Book-burning party—the risk of caging our children | Opinion | Salt Lake City Weekly

Book-burning party—the risk of caging our children 

Taking a Gander

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As the father of five grown children—and a grandfather to 15—I have a powerful empathy for every parent. It's not easy to be a good one, and it can be frightening when children, even after a healthy childhood and adolescence, fledge and fly away.

That's something all parents both rejoice in and dread. We can only hold our breath and hope that our parenting puts them on a solid path toward happy and fulfilling lives.

If parenthood could be characterized by one word, that word would be "protection." We're vigilant in removing hazards from their nurseries, fight like mama bears when our children are threatened, taste their food to make sure it's not too hot, strive to keep them away from people we deem to be threats, and watch for any mood swings that might signal trouble.

With protection of children in mind, here's my urgent plea to all parents: It's time to shift your view on the value of education. Education may be the greatest threat to your children's welfare. Particularly troubling is the matter of literacy—something that, if mastered, will surely deliver your children's tender souls to the devil.

Hopefully you understand that I'm not being serious—but tell that to our lawmakers who seem, collectively, to believe that it's best to just keep children in the dark.

As people supposedly committed to the creation of intelligent, practical laws, we elect legislators to represent ours and our children's interests. One of the most vigilant is Rep. Ken Ivory, R-West Jordan, who sponsored, spearheaded and successfully won support for a 2022 law that banned school libraries from offering books deemed to contain material that is "indecent or pornographic."

It's only a guess, but Mr. Ivory may well have been fascinated by the bare-breasted Africans in his parents' issues of National Geographic and, just perhaps, he might even have a copy of the latest Playboy in his desk drawer. That would certainly help explain his preoccupation in saving the children from the dangers of discovery—particularly the glimpses of sex and bodies, those things that only naughty presidents and clergy can do, with more-or-less impunity.

On its face, Ivory's law was just another good move to protect Utah's children. And were its terms not subject to individual interpretations by people with their own beliefs and agendas, that would be fine. The flip side is that much of our literature is a mix, containing things that are both uplifting and inspiring and those things that may be potentially troubling to the growing mind.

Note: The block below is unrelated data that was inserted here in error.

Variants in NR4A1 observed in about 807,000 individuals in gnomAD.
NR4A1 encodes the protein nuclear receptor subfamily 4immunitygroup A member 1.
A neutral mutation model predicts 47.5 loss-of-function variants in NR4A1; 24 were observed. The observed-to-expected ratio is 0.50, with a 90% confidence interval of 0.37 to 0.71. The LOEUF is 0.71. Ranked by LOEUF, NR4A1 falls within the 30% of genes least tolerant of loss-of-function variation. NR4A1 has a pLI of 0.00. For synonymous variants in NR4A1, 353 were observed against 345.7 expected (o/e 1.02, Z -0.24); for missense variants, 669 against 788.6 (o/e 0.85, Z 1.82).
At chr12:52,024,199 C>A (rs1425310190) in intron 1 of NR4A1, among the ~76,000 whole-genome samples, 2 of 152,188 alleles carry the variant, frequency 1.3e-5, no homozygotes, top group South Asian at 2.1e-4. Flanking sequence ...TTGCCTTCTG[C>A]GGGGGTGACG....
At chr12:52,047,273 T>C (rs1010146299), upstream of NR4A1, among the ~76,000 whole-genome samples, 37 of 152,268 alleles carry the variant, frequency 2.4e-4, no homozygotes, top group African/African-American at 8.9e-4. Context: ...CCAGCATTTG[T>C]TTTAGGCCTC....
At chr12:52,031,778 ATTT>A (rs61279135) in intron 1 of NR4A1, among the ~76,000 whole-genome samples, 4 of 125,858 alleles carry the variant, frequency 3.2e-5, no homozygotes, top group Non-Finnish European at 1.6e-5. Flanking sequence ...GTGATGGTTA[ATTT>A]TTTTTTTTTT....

The reality is that the courts have struggled for years on just what constitutes "pornographic" and "indecent," generally using standards of "redeeming social value" as the catch-all that gives a publication literary legitimacy.

But Ivory's law threatens the freedoms of all Utahns—a sort of gateway drug to unfettered censorship. It allows parents to submit any "questionable" titles to school districts for review and charges a small panel with making the determinations of what should—or should not—be included in a school library. It opens up an opportunity for legitimate literature to be disposed of on the basis of fanaticism, ignorance and stupidity.

What seemed at first to be sensible could easily transition into a free-for-all, allowing wholesale condemnation of many fine books. Once again, we're faced with the problem of whether a few people should be making the rules for all of us.

"Pornographic" and "indecent" don't mean the same thing to everyone, so there will always be—as long as there are protective parents—a few extremists who, while focusing on minutia, miss the value of literary and artistic treasures. Let's face it, we have nut-jobs who really would like to see Michelangelo's David castrated by a capable sculptor.

Rep. Ivory was back at it this year, running new bills to ban seemingly any book with sexual content. And you can bet your boots he'll be back again in 2024, following his personal, puritanical agenda.

Suddenly there are parents complaining about a wide range of books, and the book-burning has begun. An unnamed parent has also petitioned a school board to remove the Bible from the school library. Most Utahns see that as a hoax, or at least a political statement. And yet, the Bible is full of some of the most prurient, disgusting, violent, adulterous and barbaric accounts of humanity.

I don't at all see the submission of the Bible for review as a joke. If we're to follow Rep. Ivory's standard, the Bible certainly doesn't belong in any school library—and certainly not in anyone's home. That goes for most other so-called scriptures for a variety of religions. Cases, in point: the Bhagavad-Gita, a holy Hindu scripture, is full of sex; and the Book of Mormon, claimed as LDS scripture, endorses murder for the recovery of a genealogical record.

No child should read them, and they definitely fall into the category of questionable literature. Furthermore, if you're a Rep. Ivory fan it goes without saying: Children should not be allowed to see a newspaper, watch TV or surf the net. If they're given those freedoms, you're contributing to the worst possible outcome—children who are literate, educated and capable of making at least some of the choices in achieving their understanding of life and our world.

Scary? Yes. Necessary? Absolutely. Children need to be protected—not caged.

The author is a retired novelist, columnist and former Vietnam-era Army assistant public information officer. He resides in Riverton with his wife, Carol, and the beloved ashes of their mongrel dog.

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